CINCINNATI — Cincinnati community leaders and police officials gathered online Tuesday to discuss the refresh of the Collaborative Agreement, originally created in 2002 as part of an effort to improve police-community relations.
Cincinnati police chief Eliot Isaac, members of city council, the Fraternal Order of Police president, members of the Collaborative Agreement and members of the Black United Front all gathered to discuss more than 150 recommendations for police and community improvements.
"Earlier this summer there was a lot of anger," said Isaac. "Now it's time for the smoke to clear and get some work done...think we are now moving to a place where we can have some productive conversations."
Led by Iris Roley, the Black United Front and a group called Leaders of the Free World presented recommendations crafted after six weeks of zoom calls spent gathering public input. They put together a list of 159 recommendations for improving police-community relations, including adding empathy to CPD's core values, making a bachelor's degree and social work certification a requirement for officers and increasing data availability and police metrics for the public.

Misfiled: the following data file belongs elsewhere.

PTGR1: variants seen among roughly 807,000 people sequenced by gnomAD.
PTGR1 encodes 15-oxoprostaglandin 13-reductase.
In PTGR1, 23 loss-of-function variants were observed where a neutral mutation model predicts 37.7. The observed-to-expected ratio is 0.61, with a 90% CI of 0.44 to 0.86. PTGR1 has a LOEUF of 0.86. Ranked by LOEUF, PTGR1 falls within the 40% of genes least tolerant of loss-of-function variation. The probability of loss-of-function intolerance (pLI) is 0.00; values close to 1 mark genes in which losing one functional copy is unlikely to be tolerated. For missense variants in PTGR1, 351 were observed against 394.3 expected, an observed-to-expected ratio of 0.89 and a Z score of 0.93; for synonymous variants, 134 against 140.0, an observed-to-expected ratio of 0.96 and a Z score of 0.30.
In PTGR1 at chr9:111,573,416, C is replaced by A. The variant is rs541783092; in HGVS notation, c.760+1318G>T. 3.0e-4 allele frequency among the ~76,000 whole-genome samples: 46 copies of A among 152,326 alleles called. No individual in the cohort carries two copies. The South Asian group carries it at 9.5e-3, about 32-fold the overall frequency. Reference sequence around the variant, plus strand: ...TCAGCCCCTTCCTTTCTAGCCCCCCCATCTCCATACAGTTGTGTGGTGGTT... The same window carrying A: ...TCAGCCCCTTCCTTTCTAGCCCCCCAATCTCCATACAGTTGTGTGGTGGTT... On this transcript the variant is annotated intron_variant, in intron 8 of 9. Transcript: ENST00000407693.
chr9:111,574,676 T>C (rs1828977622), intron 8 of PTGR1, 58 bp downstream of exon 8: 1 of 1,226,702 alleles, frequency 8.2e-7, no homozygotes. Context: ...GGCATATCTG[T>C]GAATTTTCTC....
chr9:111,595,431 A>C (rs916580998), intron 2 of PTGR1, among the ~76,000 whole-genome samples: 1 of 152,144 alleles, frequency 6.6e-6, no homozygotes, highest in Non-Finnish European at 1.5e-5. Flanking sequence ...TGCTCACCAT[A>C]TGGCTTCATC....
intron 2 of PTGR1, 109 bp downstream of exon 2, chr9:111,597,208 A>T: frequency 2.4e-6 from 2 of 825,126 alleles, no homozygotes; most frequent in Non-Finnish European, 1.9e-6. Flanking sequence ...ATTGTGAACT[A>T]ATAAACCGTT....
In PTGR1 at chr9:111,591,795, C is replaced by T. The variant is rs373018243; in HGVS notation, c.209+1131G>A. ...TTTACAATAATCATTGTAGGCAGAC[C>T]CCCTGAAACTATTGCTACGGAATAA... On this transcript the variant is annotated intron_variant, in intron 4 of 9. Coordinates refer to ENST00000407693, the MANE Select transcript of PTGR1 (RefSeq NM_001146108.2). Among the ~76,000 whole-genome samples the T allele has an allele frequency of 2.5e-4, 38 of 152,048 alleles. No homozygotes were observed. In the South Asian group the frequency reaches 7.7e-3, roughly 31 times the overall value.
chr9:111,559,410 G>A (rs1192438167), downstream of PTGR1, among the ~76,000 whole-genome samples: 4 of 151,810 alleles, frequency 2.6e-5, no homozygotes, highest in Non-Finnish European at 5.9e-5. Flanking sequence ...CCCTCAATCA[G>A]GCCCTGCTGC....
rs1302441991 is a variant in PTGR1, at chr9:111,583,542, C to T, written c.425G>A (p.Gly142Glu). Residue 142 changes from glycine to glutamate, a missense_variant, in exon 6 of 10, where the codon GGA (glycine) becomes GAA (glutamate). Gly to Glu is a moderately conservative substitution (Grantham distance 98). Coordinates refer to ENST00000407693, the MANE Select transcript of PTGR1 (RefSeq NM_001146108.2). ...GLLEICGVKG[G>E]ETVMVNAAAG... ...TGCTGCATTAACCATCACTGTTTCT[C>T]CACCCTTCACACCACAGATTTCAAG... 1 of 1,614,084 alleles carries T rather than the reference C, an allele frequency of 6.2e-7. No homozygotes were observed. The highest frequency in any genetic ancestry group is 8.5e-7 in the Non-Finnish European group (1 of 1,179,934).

"The Cincinnati Black United Front has stood ready and stands ready to continue working for public safety reforms," said Roley.
Isaac said data is also a priority for him and agreed that is a factor in need of improvement. All agreed that dialogue and transparency need to continue in a collaborative manner.
"We've made a lot of strides. There's still a lot of opportunity to do more," said Isaac. "I think we're positioned to do that."
Discussions will continue to happen between the groups as the city looks through more of the recommendations presented Tuesday. There is also an annual process where stakeholders can give feedback that helps shape the focus and policy of the Collaborative Agreement.